- Stepping up the cost basis of your assets can be a good planning tool when determining what assets to sell in your lifetime.
- If possible, consider passing taxable assets with large unrealized gains to your heirs.
- Assets that receive no step up include those held in any retirement accounts or annuities
An investor whose portfolio is grounded in the evidence based principles should expect their portfolio to grow over time, relative to the risk they are taking. Investment success, however, is not the only factor a person needs to consider when planning for the future. Investment returns are only the first step of the process. The next step is using tax strategies to minimizes how much you are paying in tax on your gains. What assets should you pass on to your children or other loved ones? How can you make sure that your financial success is not diminished after the government visits you every April? The answer to these questions is tax planning, and the “step up in basis” rules could be a significant opportunity.
In order to understand what a “step-up” refers to, one must first grasp the concept of capital gains. When making an investment outside of a retirement account (which are tax protected), a person purchases a security for a specific price. This price is called the “cost basis” of the investment. Capital gains are calculated using the difference between the cost basis and what the asset sells for. When the cost basis is less than the current value of the asset, this is called an unrealized gain. When the asset is sold, the investor will be subject to what is called a capital gains tax. On the other hand, if a person passes their asset to their heirs when they die instead of selling it, then his or her cost basis will be “stepped up” to equal the current value of the asset.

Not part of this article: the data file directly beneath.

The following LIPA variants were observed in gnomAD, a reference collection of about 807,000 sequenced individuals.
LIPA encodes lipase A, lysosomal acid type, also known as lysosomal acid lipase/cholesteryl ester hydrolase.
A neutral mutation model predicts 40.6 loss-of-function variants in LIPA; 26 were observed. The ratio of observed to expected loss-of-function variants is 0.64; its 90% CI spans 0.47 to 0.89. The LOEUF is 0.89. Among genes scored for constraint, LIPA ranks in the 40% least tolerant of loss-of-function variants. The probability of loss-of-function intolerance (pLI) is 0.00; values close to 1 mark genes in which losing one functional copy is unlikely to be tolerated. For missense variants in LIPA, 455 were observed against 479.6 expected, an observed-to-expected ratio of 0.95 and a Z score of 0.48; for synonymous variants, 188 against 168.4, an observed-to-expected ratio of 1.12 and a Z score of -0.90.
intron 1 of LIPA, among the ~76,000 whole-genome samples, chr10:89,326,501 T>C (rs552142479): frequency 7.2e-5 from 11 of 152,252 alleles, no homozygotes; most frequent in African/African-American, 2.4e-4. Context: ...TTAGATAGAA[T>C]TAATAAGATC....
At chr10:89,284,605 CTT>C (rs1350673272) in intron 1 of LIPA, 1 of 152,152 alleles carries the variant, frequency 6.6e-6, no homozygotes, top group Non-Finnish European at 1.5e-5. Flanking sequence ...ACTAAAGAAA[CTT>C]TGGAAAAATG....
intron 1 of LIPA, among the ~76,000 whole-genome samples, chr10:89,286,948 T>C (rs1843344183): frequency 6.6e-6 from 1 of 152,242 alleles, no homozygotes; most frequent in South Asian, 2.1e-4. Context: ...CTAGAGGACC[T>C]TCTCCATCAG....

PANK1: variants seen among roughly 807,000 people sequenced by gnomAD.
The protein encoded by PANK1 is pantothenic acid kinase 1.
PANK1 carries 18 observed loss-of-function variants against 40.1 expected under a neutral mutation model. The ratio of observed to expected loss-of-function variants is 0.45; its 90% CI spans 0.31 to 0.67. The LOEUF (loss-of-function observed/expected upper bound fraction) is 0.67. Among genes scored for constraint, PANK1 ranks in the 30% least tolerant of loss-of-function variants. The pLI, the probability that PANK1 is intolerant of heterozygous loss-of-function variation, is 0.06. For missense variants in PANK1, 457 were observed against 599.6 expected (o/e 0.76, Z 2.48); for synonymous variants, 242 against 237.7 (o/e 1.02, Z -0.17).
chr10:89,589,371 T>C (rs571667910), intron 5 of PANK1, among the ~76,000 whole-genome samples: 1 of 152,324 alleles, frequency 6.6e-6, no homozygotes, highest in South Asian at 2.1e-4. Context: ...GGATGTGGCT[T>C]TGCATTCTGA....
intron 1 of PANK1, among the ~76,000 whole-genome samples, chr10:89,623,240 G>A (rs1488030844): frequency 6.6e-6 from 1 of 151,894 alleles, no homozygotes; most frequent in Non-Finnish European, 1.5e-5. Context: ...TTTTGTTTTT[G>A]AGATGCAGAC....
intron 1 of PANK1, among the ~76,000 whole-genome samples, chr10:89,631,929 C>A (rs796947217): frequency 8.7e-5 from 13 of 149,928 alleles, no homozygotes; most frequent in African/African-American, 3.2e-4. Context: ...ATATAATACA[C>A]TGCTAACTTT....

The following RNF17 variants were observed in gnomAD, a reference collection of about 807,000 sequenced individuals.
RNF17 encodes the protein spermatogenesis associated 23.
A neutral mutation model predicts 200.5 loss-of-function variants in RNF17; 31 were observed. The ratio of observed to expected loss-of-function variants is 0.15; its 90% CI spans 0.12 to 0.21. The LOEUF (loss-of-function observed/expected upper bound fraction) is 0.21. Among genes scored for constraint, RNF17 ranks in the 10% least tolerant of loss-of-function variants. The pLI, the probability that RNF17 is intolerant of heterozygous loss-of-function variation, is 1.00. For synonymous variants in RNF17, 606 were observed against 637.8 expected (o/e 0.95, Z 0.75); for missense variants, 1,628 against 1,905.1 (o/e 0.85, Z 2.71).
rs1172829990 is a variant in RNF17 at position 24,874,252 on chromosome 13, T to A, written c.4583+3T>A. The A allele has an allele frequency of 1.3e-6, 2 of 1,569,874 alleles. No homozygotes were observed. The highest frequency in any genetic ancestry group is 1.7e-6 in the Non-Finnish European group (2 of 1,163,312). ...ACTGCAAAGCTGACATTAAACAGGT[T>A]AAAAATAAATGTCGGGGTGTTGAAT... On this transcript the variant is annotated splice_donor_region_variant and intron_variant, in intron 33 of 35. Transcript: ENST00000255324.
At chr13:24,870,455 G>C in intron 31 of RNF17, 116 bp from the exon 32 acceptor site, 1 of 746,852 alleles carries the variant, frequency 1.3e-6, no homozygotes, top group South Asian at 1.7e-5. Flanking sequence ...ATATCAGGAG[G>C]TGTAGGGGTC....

Here is a simple example of stepping up a cost basis
John purchased a $50,000 Mutual Fund in 2012 and then sold that fund for $250,000 in 2017. John was forced to pay capital gains tax on his gain of $200,000. John’s friend Kelly purchased the same fund in 2012, but she chose to hold the asset in order to pass it down to her daughter Mary after she passed away. When Kelly passed away in 2020, the mutual fund from 2012 was now worth $300,000. After Kelly died the cost basis was “stepped up” to equal the current value of the asset: $300,000. Now Mary owed no money in capital gains tax because of the step up which wiped away the previous unrealized gain, which allowed Kelly to leave her daughter Mary with her $300,000 asset with NO capital gains tax.
How to apply this information
This process of stepping up the cost basis of certain assets can be used as an ideal tool to plan out the distribution of your future assets. The strategy can be used with any capital asset that an investor owns including marketable securities, real estate, etc. Keep in mind that retirement accounts and annuities do not receive a step up because of their tax structure. At Independence Advisors we have always emphasized the importance of tax and investment planning. While receiving positive returns is great, one must always prepare and plan for the future. The “step up” method is just one of the strategies we can help you use to do just that.